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What is the minimum time taken by a species to evolve? Let the evolution not be completely advantageous to the species, but still, even a little evolution which can be seen or proved should be okay.

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closed as unclear what you're asking by L.Dutch, sphennings, Secespitus, Vylix, MichaelK Oct 5 '17 at 7:48

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    $\begingroup$ Evolution is a continuous process - there is no end point or finished product. As such, the idea of a "time taken" rather misses the point. $\endgroup$ – Xenocacia Oct 5 '17 at 2:26
  • $\begingroup$ It depends what you mean by “evolve”. Many changes in characteristics of a population like colour changes in moths can occur very rapidly (decades). Although this is really just the natural selection between characteristics that are already present to some extent. True evolutionary change is very slow and gradual, but can be seen over almost any time scale if you are willing to look at very small changes. It would normally take millions of years for such small changes to build up sufficiently to create a new species. $\endgroup$ – Slarty Oct 5 '17 at 2:53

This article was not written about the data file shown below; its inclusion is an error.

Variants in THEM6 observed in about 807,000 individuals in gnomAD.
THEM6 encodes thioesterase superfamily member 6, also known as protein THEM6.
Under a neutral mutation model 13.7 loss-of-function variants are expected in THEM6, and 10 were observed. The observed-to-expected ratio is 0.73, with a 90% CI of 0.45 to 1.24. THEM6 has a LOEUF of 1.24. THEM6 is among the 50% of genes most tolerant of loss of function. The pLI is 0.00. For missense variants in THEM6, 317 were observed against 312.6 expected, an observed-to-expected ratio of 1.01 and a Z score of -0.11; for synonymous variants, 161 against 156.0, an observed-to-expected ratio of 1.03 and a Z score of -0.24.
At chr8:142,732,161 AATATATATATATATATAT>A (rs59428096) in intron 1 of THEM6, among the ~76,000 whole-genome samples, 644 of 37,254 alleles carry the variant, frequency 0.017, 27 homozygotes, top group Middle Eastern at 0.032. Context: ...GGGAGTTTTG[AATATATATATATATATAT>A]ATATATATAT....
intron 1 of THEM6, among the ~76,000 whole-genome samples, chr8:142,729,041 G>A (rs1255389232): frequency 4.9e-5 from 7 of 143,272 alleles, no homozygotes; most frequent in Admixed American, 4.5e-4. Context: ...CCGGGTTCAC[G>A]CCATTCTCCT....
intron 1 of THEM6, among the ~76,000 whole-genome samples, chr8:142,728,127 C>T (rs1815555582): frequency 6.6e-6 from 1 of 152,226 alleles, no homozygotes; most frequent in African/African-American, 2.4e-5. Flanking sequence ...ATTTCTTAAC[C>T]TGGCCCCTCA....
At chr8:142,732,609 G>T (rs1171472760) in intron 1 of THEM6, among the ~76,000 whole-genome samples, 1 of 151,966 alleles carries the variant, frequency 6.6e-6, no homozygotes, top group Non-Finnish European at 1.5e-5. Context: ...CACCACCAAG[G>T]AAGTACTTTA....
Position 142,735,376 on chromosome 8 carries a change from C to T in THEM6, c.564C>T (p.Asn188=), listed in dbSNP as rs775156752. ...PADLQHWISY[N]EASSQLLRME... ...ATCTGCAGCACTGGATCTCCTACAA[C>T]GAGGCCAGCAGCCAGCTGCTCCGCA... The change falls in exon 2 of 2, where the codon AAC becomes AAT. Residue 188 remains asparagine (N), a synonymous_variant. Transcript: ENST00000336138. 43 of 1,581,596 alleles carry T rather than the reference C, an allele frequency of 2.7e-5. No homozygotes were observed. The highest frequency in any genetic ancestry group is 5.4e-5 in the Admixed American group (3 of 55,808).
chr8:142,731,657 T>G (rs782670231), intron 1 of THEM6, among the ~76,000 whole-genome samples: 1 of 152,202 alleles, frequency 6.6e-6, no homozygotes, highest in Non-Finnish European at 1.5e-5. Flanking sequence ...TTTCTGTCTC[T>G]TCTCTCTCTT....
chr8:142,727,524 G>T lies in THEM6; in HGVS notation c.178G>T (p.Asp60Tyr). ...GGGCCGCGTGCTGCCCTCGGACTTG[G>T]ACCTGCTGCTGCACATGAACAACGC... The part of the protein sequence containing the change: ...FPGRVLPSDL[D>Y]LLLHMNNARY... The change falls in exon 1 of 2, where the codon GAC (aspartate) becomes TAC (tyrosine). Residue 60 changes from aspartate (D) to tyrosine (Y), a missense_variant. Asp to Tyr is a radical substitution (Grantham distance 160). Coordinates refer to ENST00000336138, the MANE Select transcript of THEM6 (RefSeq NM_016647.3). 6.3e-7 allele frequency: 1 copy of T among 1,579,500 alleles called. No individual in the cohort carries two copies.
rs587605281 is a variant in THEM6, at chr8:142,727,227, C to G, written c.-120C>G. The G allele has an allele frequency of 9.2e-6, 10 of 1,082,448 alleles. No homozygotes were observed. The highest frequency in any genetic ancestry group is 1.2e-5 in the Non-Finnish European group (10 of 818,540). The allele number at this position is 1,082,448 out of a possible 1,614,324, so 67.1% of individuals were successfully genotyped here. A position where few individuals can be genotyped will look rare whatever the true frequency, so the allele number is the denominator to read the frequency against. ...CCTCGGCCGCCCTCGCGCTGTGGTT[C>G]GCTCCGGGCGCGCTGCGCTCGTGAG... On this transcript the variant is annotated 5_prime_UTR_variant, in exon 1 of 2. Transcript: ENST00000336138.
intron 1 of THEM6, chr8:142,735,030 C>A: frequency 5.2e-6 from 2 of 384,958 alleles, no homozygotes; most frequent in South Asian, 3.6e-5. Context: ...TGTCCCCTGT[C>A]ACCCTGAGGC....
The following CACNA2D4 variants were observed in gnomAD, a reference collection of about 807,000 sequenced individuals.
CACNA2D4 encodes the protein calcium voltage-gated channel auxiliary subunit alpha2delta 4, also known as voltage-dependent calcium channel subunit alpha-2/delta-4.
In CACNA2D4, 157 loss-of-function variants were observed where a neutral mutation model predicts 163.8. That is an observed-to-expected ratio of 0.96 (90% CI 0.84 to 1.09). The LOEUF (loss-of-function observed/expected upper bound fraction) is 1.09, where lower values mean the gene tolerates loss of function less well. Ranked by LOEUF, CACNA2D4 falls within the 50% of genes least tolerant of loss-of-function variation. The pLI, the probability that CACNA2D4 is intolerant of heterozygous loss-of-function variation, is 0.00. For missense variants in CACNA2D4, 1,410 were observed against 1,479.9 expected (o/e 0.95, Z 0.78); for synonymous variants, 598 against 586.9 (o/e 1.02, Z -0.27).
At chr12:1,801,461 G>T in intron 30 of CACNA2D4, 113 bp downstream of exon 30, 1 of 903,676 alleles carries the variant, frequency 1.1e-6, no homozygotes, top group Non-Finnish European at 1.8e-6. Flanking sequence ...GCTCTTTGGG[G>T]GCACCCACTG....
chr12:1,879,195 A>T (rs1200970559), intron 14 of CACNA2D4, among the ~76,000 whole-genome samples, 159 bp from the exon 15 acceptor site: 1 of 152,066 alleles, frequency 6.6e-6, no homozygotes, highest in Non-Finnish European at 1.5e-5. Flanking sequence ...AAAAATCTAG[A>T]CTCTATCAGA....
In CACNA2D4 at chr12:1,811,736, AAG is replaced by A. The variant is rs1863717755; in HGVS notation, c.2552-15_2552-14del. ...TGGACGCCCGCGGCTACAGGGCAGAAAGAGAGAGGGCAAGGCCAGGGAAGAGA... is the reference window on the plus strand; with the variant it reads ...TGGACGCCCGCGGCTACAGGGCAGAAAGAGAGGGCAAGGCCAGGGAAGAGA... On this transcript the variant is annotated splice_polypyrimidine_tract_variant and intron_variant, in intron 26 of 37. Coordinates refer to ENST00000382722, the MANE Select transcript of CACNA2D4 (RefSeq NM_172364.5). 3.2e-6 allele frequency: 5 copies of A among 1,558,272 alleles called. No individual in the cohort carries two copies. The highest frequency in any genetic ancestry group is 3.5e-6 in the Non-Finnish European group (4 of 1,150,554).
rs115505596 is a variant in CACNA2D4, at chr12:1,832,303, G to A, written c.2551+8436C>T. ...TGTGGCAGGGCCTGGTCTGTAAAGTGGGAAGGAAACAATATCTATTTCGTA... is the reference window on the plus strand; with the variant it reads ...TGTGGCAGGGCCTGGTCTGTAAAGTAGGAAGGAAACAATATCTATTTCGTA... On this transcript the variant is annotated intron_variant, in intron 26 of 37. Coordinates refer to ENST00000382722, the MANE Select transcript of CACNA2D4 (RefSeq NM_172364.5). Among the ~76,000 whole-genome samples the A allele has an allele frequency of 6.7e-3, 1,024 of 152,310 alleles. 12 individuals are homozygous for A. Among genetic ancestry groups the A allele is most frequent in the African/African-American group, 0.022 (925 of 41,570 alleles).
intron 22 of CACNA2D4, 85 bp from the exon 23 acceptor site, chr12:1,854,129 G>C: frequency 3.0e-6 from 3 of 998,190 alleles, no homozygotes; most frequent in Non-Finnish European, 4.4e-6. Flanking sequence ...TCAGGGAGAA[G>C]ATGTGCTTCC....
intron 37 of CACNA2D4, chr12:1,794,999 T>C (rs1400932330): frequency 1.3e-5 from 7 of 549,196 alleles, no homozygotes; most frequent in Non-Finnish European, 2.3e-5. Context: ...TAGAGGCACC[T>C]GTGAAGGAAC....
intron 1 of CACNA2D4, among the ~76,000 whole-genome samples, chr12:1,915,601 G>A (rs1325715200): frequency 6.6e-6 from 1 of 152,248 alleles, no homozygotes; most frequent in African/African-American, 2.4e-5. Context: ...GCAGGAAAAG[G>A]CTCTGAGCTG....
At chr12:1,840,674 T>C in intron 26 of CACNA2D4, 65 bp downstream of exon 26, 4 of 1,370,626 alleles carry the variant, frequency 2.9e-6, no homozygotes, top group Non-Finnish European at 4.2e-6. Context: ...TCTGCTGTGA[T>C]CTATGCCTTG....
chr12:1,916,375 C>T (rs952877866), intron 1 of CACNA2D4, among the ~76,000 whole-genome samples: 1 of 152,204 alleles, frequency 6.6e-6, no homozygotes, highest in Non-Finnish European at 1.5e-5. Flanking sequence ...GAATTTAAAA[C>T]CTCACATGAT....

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You can prove evolution by analyzing the genome after only a couple of generations.

Evolution is a process, not an event, and every new specimen will have different DNA than his predecessors. Some of the changes give it an advantage, others a disadvantage, or no changes occur.

You will always need a point of origin for your analysis, so a specimen that came a couple of generations before the current. Only this way you can detect changes and analyze their impact on the fitness.

In some cases you might even be able to tell when a specimen has lived according to historic extinction events that greatly influenced the fitness function.

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